Indeed, given the tremendous involvement of Jewish women with charitable work, it is reasonable to assume that most of the Jewish home-front contributions in terms of organizing fairs, preparing bandages and lint, sewing uniforms, visiting the sick and wounded, looking after the needs of orphans and widows, and providing hospitalities for Jewish soldiers represented the activities primarily of women.
The labors of Jewish women for the Civil War cause aroused little conflict, and their activities unified one community after another, as Jews expressed their solidarity with their adopted homes, specifically as Jews. The only controversy that flared occurred in Rochester, New York, where the president of Congregation B’rith Kodesh, obviously a man, since women neither belonged to nor held office in synagogues, protested the participation of Jewish women in the local bazaar as Jews. The Jewish Record picked up on this theme and asked its readers why “pretty Jewesses” were distinguished in their charitable and patriotic endeavors from other women.
This incident conflicted with the widespread praise that non-Jews, women and men, and Jewish men, during the war and in subsequent generations, offered to Jewish women for their communal leadership. Herbert Ezekiel’s 1915 comments to the Rimon Lodge of the B’nai B’rith of Richmond, Virginia, may have typified the overwhelmingly positive reactions toward the efforts of Jewish women, when he acclaimed the Jewish women of Richmond, who “fed the hungry, clothed the poor, nursed the sick and wounded and buried the dead. The wives and mothers and sisters did valiant work in the hospitals.”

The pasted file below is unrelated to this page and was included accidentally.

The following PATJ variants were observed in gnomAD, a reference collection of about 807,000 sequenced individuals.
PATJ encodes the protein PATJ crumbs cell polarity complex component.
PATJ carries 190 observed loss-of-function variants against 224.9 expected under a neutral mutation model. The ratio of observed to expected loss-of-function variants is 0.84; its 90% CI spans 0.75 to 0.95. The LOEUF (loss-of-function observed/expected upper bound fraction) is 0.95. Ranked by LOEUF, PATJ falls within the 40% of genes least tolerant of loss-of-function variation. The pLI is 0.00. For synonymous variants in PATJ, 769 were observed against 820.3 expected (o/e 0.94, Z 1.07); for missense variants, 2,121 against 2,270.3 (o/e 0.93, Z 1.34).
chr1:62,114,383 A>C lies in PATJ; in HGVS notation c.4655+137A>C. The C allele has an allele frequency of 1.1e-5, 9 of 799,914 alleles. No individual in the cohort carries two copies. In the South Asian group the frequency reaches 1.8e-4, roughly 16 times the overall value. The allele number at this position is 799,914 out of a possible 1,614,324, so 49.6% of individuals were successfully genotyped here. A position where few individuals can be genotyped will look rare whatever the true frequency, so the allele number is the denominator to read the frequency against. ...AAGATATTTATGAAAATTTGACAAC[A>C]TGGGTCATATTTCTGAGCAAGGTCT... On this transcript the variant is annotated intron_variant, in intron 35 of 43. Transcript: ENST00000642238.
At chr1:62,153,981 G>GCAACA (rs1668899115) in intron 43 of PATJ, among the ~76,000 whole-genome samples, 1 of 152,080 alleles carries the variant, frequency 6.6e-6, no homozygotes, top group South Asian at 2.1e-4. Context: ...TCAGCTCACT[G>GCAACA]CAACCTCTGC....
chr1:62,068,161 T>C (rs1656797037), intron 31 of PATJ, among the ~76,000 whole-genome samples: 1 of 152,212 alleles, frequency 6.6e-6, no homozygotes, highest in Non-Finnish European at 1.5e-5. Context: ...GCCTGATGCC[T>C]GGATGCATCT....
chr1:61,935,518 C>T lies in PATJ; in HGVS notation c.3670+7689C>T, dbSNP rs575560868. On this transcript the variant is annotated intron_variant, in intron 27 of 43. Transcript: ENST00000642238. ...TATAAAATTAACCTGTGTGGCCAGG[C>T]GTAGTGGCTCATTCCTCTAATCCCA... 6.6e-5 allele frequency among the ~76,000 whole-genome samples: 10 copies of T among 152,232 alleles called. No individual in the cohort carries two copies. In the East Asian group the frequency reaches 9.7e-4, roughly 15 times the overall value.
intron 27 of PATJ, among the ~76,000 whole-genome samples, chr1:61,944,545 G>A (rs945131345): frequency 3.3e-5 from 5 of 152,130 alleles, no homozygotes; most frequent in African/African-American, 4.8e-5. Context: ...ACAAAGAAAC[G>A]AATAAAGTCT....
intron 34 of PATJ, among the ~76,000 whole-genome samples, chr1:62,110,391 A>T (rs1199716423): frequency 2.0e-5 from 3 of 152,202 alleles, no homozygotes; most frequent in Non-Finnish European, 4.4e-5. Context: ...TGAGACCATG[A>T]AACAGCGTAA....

These two exceptional cases do not, however, challenge the basic assertion that the Civil War represented a notable moment in the history of Jewish women because of the economic and emotional burden it placed on them, on the one hand, and the central role that women played in mobilizing Jewish home-front activities, on the other. These two phenomena represent an unstudied aspect of American Jewish history and one of tremendous consequence.
Bodek, Evelyn. “‘Making Do’: Jewish Women and Philanthropy.” In Jewish Life in Philadelphia, 1830–1940, edited by Murray Friedman (1983): 143–162; Ezekiel, Herbert. The Jews of Richmond During the Civil War (1915); Katz, Irving I. The Jewish Soldier from Michigan in the Civil War (1962); Korn, Bertram W. American Jewry and the Civil War (1951); Massey, Mary E. Bonnet Brigades (1966); Shosteck, Robert. The Jewish Community of Washington, D.C., During the Civil War (1967); Simonhoff, Harry. Jewish Participants in the Civil War (1963); Young, Mel. Where They Lie: The Story of the Jewish Soldiers of the North and South Whose Deaths—[Killed, Mortally Wounded or Died of Disease or Other Causes] Occurred During the Civil War, 1861–1865 (1991).